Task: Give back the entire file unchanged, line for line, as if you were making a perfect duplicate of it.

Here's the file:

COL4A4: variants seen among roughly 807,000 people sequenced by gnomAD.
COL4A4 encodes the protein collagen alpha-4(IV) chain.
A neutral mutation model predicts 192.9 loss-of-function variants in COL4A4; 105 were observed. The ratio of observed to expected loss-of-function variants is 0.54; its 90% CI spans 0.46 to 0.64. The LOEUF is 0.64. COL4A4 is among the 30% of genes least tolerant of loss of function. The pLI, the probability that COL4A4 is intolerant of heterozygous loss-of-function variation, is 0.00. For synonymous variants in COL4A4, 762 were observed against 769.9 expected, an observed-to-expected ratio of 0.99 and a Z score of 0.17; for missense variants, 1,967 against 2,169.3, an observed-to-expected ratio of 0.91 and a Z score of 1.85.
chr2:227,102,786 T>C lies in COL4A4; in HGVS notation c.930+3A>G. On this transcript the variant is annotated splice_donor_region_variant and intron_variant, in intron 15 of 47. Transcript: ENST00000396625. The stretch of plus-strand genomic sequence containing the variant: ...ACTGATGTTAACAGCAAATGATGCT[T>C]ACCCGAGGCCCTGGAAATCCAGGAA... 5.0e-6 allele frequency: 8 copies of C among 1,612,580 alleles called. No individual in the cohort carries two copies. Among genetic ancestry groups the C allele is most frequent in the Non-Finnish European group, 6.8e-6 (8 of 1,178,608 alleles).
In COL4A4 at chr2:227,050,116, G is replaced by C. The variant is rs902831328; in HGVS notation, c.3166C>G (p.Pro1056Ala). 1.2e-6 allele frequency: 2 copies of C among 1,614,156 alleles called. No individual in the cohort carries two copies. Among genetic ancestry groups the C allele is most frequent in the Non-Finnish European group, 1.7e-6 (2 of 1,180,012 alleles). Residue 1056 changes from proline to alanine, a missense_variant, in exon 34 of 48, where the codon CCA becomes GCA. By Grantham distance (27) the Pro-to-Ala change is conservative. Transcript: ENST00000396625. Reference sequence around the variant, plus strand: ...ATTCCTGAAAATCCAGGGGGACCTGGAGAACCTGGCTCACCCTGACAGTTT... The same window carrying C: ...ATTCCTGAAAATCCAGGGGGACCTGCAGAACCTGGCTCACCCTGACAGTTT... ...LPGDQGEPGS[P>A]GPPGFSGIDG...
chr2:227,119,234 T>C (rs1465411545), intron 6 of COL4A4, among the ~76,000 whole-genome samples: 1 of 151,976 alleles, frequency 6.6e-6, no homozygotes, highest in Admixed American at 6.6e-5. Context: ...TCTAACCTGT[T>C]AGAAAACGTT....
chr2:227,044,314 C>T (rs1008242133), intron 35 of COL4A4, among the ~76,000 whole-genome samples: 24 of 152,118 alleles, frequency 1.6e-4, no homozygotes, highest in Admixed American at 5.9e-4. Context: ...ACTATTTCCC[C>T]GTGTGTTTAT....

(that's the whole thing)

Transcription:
COL4A4: variants seen among roughly 807,000 people sequenced by gnomAD.
COL4A4 encodes the protein collagen alpha-4(IV) chain.
A neutral mutation model predicts 192.9 loss-of-function variants in COL4A4; 105 were observed. The ratio of observed to expected loss-of-function variants is 0.54; its 90% CI spans 0.46 to 0.64. The LOEUF is 0.64. COL4A4 is among the 30% of genes least tolerant of loss of function. The pLI, the probability that COL4A4 is intolerant of heterozygous loss-of-function variation, is 0.00. For synonymous variants in COL4A4, 762 were observed against 769.9 expected, an observed-to-expected ratio of 0.99 and a Z score of 0.17; for missense variants, 1,967 against 2,169.3, an observed-to-expected ratio of 0.91 and a Z score of 1.85.
chr2:227,102,786 T>C lies in COL4A4; in HGVS notation c.930+3A>G. On this transcript the variant is annotated splice_donor_region_variant and intron_variant, in intron 15 of 47. Transcript: ENST00000396625. The stretch of plus-strand genomic sequence containing the variant: ...ACTGATGTTAACAGCAAATGATGCT[T>C]ACCCGAGGCCCTGGAAATCCAGGAA... 5.0e-6 allele frequency: 8 copies of C among 1,612,580 alleles called. No individual in the cohort carries two copies. Among genetic ancestry groups the C allele is most frequent in the Non-Finnish European group, 6.8e-6 (8 of 1,178,608 alleles).
In COL4A4 at chr2:227,050,116, G is replaced by C. The variant is rs902831328; in HGVS notation, c.3166C>G (p.Pro1056Ala). 1.2e-6 allele frequency: 2 copies of C among 1,614,156 alleles called. No individual in the cohort carries two copies. Among genetic ancestry groups the C allele is most frequent in the Non-Finnish European group, 1.7e-6 (2 of 1,180,012 alleles). Residue 1056 changes from proline to alanine, a missense_variant, in exon 34 of 48, where the codon CCA becomes GCA. By Grantham distance (27) the Pro-to-Ala change is conservative. Transcript: ENST00000396625. Reference sequence around the variant, plus strand: ...ATTCCTGAAAATCCAGGGGGACCTGGAGAACCTGGCTCACCCTGACAGTTT... The same window carrying C: ...ATTCCTGAAAATCCAGGGGGACCTGCAGAACCTGGCTCACCCTGACAGTTT... ...LPGDQGEPGS[P>A]GPPGFSGIDG...
chr2:227,119,234 T>C (rs1465411545), intron 6 of COL4A4, among the ~76,000 whole-genome samples: 1 of 151,976 alleles, frequency 6.6e-6, no homozygotes, highest in Admixed American at 6.6e-5. Context: ...TCTAACCTGT[T>C]AGAAAACGTT....
chr2:227,044,314 C>T (rs1008242133), intron 35 of COL4A4, among the ~76,000 whole-genome samples: 24 of 152,118 alleles, frequency 1.6e-4, no homozygotes, highest in Admixed American at 5.9e-4. Context: ...ACTATTTCCC[C>T]GTGTGTTTAT....